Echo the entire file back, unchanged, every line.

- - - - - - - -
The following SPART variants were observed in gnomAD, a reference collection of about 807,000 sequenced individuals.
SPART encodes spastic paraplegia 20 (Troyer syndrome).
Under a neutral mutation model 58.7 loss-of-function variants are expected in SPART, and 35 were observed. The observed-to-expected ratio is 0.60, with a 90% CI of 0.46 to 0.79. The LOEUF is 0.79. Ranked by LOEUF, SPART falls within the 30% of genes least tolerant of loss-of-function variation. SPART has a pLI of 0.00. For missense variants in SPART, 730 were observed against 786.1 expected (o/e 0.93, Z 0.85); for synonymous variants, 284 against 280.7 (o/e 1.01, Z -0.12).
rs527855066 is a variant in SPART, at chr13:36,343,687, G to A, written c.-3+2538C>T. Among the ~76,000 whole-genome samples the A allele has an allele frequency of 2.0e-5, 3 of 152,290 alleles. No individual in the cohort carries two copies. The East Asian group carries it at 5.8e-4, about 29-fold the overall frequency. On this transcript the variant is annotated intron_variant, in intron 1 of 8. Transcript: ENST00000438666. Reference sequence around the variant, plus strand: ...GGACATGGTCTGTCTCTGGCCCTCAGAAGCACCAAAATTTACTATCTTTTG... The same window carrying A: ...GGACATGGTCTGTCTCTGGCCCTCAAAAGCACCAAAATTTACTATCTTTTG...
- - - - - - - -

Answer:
The following SPART variants were observed in gnomAD, a reference collection of about 807,000 sequenced individuals.
SPART encodes spastic paraplegia 20 (Troyer syndrome).
Under a neutral mutation model 58.7 loss-of-function variants are expected in SPART, and 35 were observed. The observed-to-expected ratio is 0.60, with a 90% CI of 0.46 to 0.79. The LOEUF is 0.79. Ranked by LOEUF, SPART falls within the 30% of genes least tolerant of loss-of-function variation. SPART has a pLI of 0.00. For missense variants in SPART, 730 were observed against 786.1 expected (o/e 0.93, Z 0.85); for synonymous variants, 284 against 280.7 (o/e 1.01, Z -0.12).
rs527855066 is a variant in SPART, at chr13:36,343,687, G to A, written c.-3+2538C>T. Among the ~76,000 whole-genome samples the A allele has an allele frequency of 2.0e-5, 3 of 152,290 alleles. No individual in the cohort carries two copies. The East Asian group carries it at 5.8e-4, about 29-fold the overall frequency. On this transcript the variant is annotated intron_variant, in intron 1 of 8. Transcript: ENST00000438666. Reference sequence around the variant, plus strand: ...GGACATGGTCTGTCTCTGGCCCTCAGAAGCACCAAAATTTACTATCTTTTG... The same window carrying A: ...GGACATGGTCTGTCTCTGGCCCTCAAAAGCACCAAAATTTACTATCTTTTG...